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When an 800-pound gorilla stakes a claim in an industry sector, the incumbents sit up and take notice-particularly when the gorilla is named Alphabet and is the parent company of Google. Cassie Arnold reports.
When an 800-pound gorilla stakes a claim in an industry sector, the incumbents sit up and take notice-particularly when the gorilla is named Alphabet and is the parent company of Google.
Despite the fact that Google founder Sergey Brin famously characterizing health care as a “painful business”, four Alphabet subsidiaries are either health care focused or have significant health care plays.
The oldest, pre-dating the Alphabet moniker, is Calico, an acronym for California Life Company. Calico was hailed in a Time magazine cover as “Google vs. Death” when it was launched in September 2013. Former Genentech CEO Arthur Levinson is CEO of the venture and has been consistently tight lipped about the company.
It is clear that the company is focused on the diseases of ageing. It has announced six drug research and development partnerships with organizations ranging from AbbVie to universities to the genealogical data company Ancestry. It has not drawn on Google veterans to fill its ranks. Rather it has recruited researchers from academia and Genentech alums. It’s stated targets are cancer and neurodegeneration.
DeepMind is a London-based artificial intelligence company that was acquired by Google in early 2014. In February 2016 it launched DeepMind Health, a new division that is working with clinicians at Britain’s National Health Services (NHS) to develop a range of technologies to improve patient care. Its first project with NHS is an app to help clinical staff detect cases of Acute Kidney Injury.
DeepMind Health’s other initiative is called Hark, a digital health app to manage clinical workflow. The Hark tool has been used in early stage pilots at St. Mary’s Hospital in London.
The company’s website states that it is devoted to developing tools that “can help shift more resources away from reaction and towards better prevention.”
Google Ventures (GV) is Alphabet’s venture arm. Funded entirely by Alphabet, fund managers have said it plans to invest heavily in health care. The $2.4 billion fund ramped up its health care investment from six percent of the fund’s total investment in 2013 to 31 percent in 2015 according to Bloomberg.
While most tech investors avoid the health care space due to the long development times and strict regulatory regimes, GV seems undaunted by such hurdles citing the sector’s unique potential to improve human health and global quality of life.
The fund says it is targeting medtech, biotech and digital health opportunities including telemedicine, genomics, population health and chronic disease management.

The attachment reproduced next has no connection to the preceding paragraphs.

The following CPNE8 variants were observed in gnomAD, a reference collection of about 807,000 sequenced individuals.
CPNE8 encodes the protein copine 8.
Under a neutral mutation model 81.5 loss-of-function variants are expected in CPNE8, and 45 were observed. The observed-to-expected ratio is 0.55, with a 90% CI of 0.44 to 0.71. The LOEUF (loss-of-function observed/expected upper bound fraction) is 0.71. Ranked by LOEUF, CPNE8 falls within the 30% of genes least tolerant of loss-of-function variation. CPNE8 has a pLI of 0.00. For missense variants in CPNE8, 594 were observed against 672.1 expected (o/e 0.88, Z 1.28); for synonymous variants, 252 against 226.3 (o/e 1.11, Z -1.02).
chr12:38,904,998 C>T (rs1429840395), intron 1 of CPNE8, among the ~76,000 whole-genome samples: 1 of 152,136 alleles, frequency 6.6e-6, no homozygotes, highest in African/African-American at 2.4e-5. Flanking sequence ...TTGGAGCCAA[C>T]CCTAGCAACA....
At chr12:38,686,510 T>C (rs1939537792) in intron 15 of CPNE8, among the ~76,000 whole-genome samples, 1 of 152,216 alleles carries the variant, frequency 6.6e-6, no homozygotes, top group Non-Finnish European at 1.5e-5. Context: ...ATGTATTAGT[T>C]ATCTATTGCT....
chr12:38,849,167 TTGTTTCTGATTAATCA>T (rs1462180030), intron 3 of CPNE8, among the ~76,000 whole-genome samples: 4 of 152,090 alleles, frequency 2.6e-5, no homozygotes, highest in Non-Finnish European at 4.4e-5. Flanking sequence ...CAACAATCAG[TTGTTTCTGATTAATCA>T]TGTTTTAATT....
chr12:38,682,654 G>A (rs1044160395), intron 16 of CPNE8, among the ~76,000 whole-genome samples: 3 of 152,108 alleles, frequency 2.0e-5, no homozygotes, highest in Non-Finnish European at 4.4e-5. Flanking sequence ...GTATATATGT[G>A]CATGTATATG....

But Alphabet’s biggest bet on health care is Verily. Previously known as Google Life Sciences, Verily was launched two years ago when it spun out of Google’s X Lab.
Verily is the home of the company’s widely touted smart contact lens technology that can continuously monitor a patient’s blood glucose level. That technology is now being developed in partnership with Novartis.
All in all Verily has more than half a dozen industry partnerships targeting chronic conditions with large markets such as diabetes, cardiovascular disease, cancer and neurodegenerative disease. Most of the projects announced to date involve sensor based technologies and the software to support them.
Diabetes is where the company has been most active so far. In addition to the Novartis partnership, Verily has also cut deals with device developer Dexcom, that markets wireless glucose monitors, and French pharma Sanofi. Interestingly, as re/code reported, Novartis has said that the contact lens will go into human clinical trials next year, but for the treatment of sight disease, not as a glucose monitor.
Other Verily projects include:
Verily is also involved in data driven projects that fit closer in Alphabet’s traditional wheelhouse. Baseline will develop a comprehensive snapshot of what a healthy person looks like. It is also building what it calls “the Google of human systems biology”, with the broad ambition of gathering information from academic hospitals, physicians, universities and patients to make it easily accessible to researchers.
The company’s most recent product announcement is called the Connectivity Bridge. The device can quickly collect patient data in either a clinical or home environment and transmit it to the cloud, and it doesn’t require internet access.
Verily’s staff is rumored to number in the hundreds but is expected to increase rapidly – the company recently signed a lease for Onyx’s former 400,000 square foot facility in South San Francisco that can house up to 1,000 workers.